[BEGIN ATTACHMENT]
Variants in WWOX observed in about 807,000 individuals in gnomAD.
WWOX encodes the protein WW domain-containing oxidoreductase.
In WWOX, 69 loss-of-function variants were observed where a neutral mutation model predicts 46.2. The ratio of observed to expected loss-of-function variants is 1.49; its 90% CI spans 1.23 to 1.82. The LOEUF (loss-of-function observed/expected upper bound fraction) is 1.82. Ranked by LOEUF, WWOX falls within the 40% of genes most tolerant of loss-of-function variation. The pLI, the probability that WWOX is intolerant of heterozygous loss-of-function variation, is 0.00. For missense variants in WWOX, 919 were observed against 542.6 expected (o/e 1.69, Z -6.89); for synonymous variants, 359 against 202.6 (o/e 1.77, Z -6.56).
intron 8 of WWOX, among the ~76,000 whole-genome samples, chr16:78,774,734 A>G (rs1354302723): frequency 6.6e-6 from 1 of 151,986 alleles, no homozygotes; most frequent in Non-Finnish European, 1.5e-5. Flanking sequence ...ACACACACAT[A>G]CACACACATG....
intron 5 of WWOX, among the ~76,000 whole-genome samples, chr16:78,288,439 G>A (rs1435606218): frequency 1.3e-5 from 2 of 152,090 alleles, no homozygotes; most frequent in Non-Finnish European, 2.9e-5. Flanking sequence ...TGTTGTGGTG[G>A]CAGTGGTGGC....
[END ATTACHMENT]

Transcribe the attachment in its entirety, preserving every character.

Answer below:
Variants in WWOX observed in about 807,000 individuals in gnomAD.
WWOX encodes the protein WW domain-containing oxidoreductase.
In WWOX, 69 loss-of-function variants were observed where a neutral mutation model predicts 46.2. The ratio of observed to expected loss-of-function variants is 1.49; its 90% CI spans 1.23 to 1.82. The LOEUF (loss-of-function observed/expected upper bound fraction) is 1.82. Ranked by LOEUF, WWOX falls within the 40% of genes most tolerant of loss-of-function variation. The pLI, the probability that WWOX is intolerant of heterozygous loss-of-function variation, is 0.00. For missense variants in WWOX, 919 were observed against 542.6 expected (o/e 1.69, Z -6.89); for synonymous variants, 359 against 202.6 (o/e 1.77, Z -6.56).
intron 8 of WWOX, among the ~76,000 whole-genome samples, chr16:78,774,734 A>G (rs1354302723): frequency 6.6e-6 from 1 of 151,986 alleles, no homozygotes; most frequent in Non-Finnish European, 1.5e-5. Flanking sequence ...ACACACACAT[A>G]CACACACATG....
intron 5 of WWOX, among the ~76,000 whole-genome samples, chr16:78,288,439 G>A (rs1435606218): frequency 1.3e-5 from 2 of 152,090 alleles, no homozygotes; most frequent in Non-Finnish European, 2.9e-5. Flanking sequence ...TGTTGTGGTG[G>A]CAGTGGTGGC....